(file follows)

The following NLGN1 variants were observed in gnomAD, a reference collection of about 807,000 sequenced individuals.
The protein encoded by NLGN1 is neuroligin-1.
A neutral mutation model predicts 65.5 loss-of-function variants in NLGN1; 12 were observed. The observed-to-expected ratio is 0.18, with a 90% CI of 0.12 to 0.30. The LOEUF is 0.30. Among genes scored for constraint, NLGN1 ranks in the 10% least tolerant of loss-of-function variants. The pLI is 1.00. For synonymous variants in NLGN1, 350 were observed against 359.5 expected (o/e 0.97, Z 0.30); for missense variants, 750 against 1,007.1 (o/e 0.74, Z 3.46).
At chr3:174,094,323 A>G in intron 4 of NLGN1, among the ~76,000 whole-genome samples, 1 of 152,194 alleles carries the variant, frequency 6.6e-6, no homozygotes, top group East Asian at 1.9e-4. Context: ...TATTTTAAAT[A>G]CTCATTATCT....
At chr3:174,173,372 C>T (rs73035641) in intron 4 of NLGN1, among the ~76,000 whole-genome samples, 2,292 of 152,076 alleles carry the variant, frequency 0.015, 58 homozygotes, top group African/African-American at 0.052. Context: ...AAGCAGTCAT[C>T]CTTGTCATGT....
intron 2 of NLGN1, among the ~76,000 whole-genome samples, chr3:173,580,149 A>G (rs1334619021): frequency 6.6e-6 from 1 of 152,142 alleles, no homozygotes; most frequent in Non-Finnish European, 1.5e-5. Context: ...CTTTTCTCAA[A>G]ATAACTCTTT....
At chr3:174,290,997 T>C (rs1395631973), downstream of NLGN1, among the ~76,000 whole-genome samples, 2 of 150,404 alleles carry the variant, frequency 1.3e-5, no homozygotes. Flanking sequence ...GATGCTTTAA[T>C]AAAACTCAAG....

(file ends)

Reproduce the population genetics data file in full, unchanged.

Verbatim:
The following NLGN1 variants were observed in gnomAD, a reference collection of about 807,000 sequenced individuals.
The protein encoded by NLGN1 is neuroligin-1.
A neutral mutation model predicts 65.5 loss-of-function variants in NLGN1; 12 were observed. The observed-to-expected ratio is 0.18, with a 90% CI of 0.12 to 0.30. The LOEUF is 0.30. Among genes scored for constraint, NLGN1 ranks in the 10% least tolerant of loss-of-function variants. The pLI is 1.00. For synonymous variants in NLGN1, 350 were observed against 359.5 expected (o/e 0.97, Z 0.30); for missense variants, 750 against 1,007.1 (o/e 0.74, Z 3.46).
At chr3:174,094,323 A>G in intron 4 of NLGN1, among the ~76,000 whole-genome samples, 1 of 152,194 alleles carries the variant, frequency 6.6e-6, no homozygotes, top group East Asian at 1.9e-4. Context: ...TATTTTAAAT[A>G]CTCATTATCT....
At chr3:174,173,372 C>T (rs73035641) in intron 4 of NLGN1, among the ~76,000 whole-genome samples, 2,292 of 152,076 alleles carry the variant, frequency 0.015, 58 homozygotes, top group African/African-American at 0.052. Context: ...AAGCAGTCAT[C>T]CTTGTCATGT....
intron 2 of NLGN1, among the ~76,000 whole-genome samples, chr3:173,580,149 A>G (rs1334619021): frequency 6.6e-6 from 1 of 152,142 alleles, no homozygotes; most frequent in Non-Finnish European, 1.5e-5. Context: ...CTTTTCTCAA[A>G]ATAACTCTTT....
At chr3:174,290,997 T>C (rs1395631973), downstream of NLGN1, among the ~76,000 whole-genome samples, 2 of 150,404 alleles carry the variant, frequency 1.3e-5, no homozygotes. Flanking sequence ...GATGCTTTAA[T>C]AAAACTCAAG....